"A man who has never gone to school may steal from a freight car; but if he has a university education, he may steal the whole railroad” is credited to Theodore Roosevelt (1858-1919). There is no record that he ever said it, though it is possible; forms of the saying were used in the 1890s, before Roosevelt became president.
This was printed in several newspapers in 1894: “Steal a ride and you are a ‘hobo,’ liable to be shot. Steal a whole railroad and you are a financier, eligible to the United States Senate.”
Reverend Dr. Wilber F. Crafts, superintendent of the Reform Bureau at Washington, said this in 1899 (and in many other years): “An ignorant thief may rob a freight car; an educated thief will steal the whole railroad.”
The saying (according to Dr. Crafts) illustrates that, without morals, education will only further a greater crime. The saying also shows that small, common criminals ("blue collar crime") are often immediately and severely punished, while greater criminals ("white collar crime") are often rewarded. A somewhat similar saying is: “The best way to rob a bank is to own one.”
Wikiquote: Theodore Roosevelt
Theodore Roosevelt, Jr. (1858-10-27 – 1919-01-06), also known as T.R. or Teddy, was the 26th President of the United States (1901–1909).
A man who has never gone to school may steal from a freight car; but if he has a university education, he may steal the whole railroad.
. As quoted in Art of Communicating Ideas (1952) by William Joseph Grace, p. 389
6 June 1894, Morning Call (San Francisco, CA), pg. 6, col. 5:
Steal a ride and you are a “hobo,” liable to be shot. Steal a whole railroad and you are a financier, eligible to the United States Senate.—Philadelphia Item.
9 November 1894, Salt Lake Herald (Salt Lake City, UT), pg. 3, col. 7:
We all have heard in our lives of kleptomania; but I do not think that any one ever really believed in it. We know vaguely that a man who steals whole railroads and dies a millionaire is a great financier, and we also know that a man who steals a loaf of bread to save his family from starvation is a thief and goes to jail, but it is hard to realize that there are people who steal trifles simply from a species of insanity.
31 December 1898, The Literary Digest, pg. 769, col. 2:
A TEN-YEAR-OLD lad in Indianapolis who was arrested for picking up coal along the side of railroad tracks is now in jail. If the boy had known enough to steal the whole railroad he would be heralded as a Napoleon of finance.—The News, Chicago.
28 March 1899, Baltimore (MD) Sun, pg. 10:
REV. DR. CRAFTS ON THIEVES
“An Ignorant One May Rob A Car;
An Educated One Will Steal
The Whole Railroad.”
In an address last night before the executive committee of the Christian Endeavor Society, at the Central Hall of the Young Men’s Christian Association, Rev. Dr. Wilbur F. Crafts, of Washington, characterized the prosperous nations of the earth as the Sabbath-keeping nations.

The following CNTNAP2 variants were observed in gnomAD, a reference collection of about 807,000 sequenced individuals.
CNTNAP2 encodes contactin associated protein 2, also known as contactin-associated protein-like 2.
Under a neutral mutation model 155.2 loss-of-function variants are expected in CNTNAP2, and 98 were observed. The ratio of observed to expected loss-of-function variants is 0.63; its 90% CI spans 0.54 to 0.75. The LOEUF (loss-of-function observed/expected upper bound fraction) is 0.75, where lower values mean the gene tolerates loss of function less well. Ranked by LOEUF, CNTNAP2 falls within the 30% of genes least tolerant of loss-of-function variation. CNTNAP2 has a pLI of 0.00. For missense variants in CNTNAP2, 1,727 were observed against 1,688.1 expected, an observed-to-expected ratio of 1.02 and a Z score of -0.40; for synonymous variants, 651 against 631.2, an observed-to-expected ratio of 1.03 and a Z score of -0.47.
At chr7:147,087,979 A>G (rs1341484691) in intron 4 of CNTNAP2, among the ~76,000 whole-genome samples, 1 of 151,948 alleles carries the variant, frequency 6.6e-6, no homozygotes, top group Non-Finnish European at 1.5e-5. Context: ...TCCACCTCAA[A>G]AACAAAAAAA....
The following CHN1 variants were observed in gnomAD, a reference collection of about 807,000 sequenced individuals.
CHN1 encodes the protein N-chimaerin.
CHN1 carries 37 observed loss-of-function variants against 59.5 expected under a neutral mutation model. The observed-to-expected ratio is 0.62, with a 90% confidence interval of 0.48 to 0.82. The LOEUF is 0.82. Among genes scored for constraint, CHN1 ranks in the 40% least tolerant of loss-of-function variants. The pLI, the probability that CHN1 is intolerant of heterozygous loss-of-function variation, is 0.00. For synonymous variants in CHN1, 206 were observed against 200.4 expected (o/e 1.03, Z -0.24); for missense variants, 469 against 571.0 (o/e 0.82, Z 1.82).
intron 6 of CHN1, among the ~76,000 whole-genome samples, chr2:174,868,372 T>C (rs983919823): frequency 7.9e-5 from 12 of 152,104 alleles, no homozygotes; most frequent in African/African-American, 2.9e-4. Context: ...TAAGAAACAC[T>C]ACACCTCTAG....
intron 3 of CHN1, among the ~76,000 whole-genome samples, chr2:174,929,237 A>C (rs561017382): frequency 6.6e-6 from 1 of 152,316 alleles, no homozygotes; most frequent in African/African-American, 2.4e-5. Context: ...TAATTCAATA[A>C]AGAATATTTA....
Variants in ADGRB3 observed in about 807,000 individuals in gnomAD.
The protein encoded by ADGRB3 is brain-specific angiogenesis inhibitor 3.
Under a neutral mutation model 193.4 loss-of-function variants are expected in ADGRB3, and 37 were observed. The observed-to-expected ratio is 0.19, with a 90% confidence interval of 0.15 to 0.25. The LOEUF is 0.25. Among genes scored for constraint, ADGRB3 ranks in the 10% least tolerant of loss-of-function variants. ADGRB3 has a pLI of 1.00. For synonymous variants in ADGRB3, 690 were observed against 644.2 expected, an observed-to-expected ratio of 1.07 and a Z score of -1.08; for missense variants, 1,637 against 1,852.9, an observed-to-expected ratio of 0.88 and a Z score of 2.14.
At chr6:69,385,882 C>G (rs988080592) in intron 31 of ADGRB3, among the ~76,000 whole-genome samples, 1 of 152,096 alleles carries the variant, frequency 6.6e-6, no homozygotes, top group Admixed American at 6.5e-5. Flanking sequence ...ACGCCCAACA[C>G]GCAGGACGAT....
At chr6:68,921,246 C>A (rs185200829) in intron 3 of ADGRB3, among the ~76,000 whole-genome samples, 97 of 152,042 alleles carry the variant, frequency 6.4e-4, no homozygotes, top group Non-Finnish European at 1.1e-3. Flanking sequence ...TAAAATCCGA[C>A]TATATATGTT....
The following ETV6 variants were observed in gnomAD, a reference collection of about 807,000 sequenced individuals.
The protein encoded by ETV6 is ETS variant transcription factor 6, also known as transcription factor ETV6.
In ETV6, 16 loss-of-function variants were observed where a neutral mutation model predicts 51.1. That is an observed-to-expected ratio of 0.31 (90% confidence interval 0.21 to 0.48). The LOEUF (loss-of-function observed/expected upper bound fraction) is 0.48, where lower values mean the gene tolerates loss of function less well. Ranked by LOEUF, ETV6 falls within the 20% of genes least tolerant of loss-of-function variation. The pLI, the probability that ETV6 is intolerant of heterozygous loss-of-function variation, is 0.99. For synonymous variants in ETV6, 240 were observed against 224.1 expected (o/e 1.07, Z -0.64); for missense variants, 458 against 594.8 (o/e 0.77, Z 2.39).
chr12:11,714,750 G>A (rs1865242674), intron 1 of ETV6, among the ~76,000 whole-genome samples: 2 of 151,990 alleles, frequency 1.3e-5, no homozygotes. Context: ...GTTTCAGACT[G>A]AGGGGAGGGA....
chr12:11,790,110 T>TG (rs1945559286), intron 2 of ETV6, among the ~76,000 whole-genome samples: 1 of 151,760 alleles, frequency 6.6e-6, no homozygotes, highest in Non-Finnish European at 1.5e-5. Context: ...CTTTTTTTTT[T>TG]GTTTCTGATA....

Passing from the discussion of the dying nations to the needs of the living, Dr. Crafts said that the strength of a nation is in its institutions. He said:
“We need as a nation to learn lessons of Christian morality. It is not worth while to educate a man’s wits unless you educate his conscience also. An ignorant thief may rob a freight car; an educated thief will steal the whole railroad.”
Making a life
By Cortland Myers
New York, NY: Fleming H. Revell
“An ignorant thief robs a freight-car. An educated thief steals the whole railroad.”
20 October 1902, Worcester (MA) Daily Spy, pg. 4:
This series of deceased empires teach also that our culture must not ignore morals. better a man be not educated, if his conscience is not to be developed with his wits, lest he be the more skillful criminal. “An ignorant thief may rob a freight car; but an educated thief will steal the whole railroad.”
(Speech by Rev. Dr. Wilbur F. Crafts, superintendent of the Reform Bureau at Washington—ed.)
Practical Christian Sociology;
A series of lectures at Princeton Theological Seminary and Marietta College on moral reforms and social problems, with 20th-century statistics
Revised 4th Edition
By Wilbur F. Crafts
New York, NY: Funk & Wagnalls Co.
The illiterate robs a freight car; the educated thief steals the whole railroad.
Bulletin of State Institutions [under the Board of Control]
By Iowa. Board of Control of State Institutions
If a man steal a ride on a railroad, he is called a “hobo;” If he steal the whole railroad his name is emblazoned in history as a financier.
September 1912, The Child, vol. 1, np. 7, pg. 36, col. 1:
Washington Gladden has said—with how much truth I leave it to you to judge—that if a man steals a ham from a freight car, he goes to jail; while if he steals the whole railroad, he goes to the United States senate.
Bible in schools plans of many lands; documents gathered and compiled
Edited by Wilbur F. Crafts
Washington, DC: Illustrated Bible selections commission
Pg. 125, col. 2:
As one has wittily and wisely said, “YOUR IGNORANT THIEF MAY ROB A FREIGHT CAR; YOUR EDUCATED THIEF WILL STEAL THE WHOLE RAILROAD.”
Google News Archive
25 June 1929, Daily Times (Beaver, PA), “America Faces Moral Bankruptcy,” pg. 6, col. 2:
“An uneducated thief,” said Dr. Maier, “will steal a ride on a railroad train. An educated thief will steal the whole railroad system.”
(Dr. Walter R. Maier, professor in Concordia Theological Seminary, of St. Louis—ed.)
10 September 1950, New York (NY) Times, “Freshman Primer,” magazine, pg. 168:
“A man who has never gone to school may steal from a freight car; but if he has a university education, he may steal the whole railroad.”
-- Theodore Roosevelt.
4 February 1963, Trenton (NJ) Evening Times, pg. 36:
It was President Theodore Roosevelt who observed, “A man who has never gone to school may steal from a freight car; but if he has a university education, he may steal the whole railroad.”
New York City • Government/Law/Politics/Military • (0) Comments • Monday, December 28, 2009 • Permalink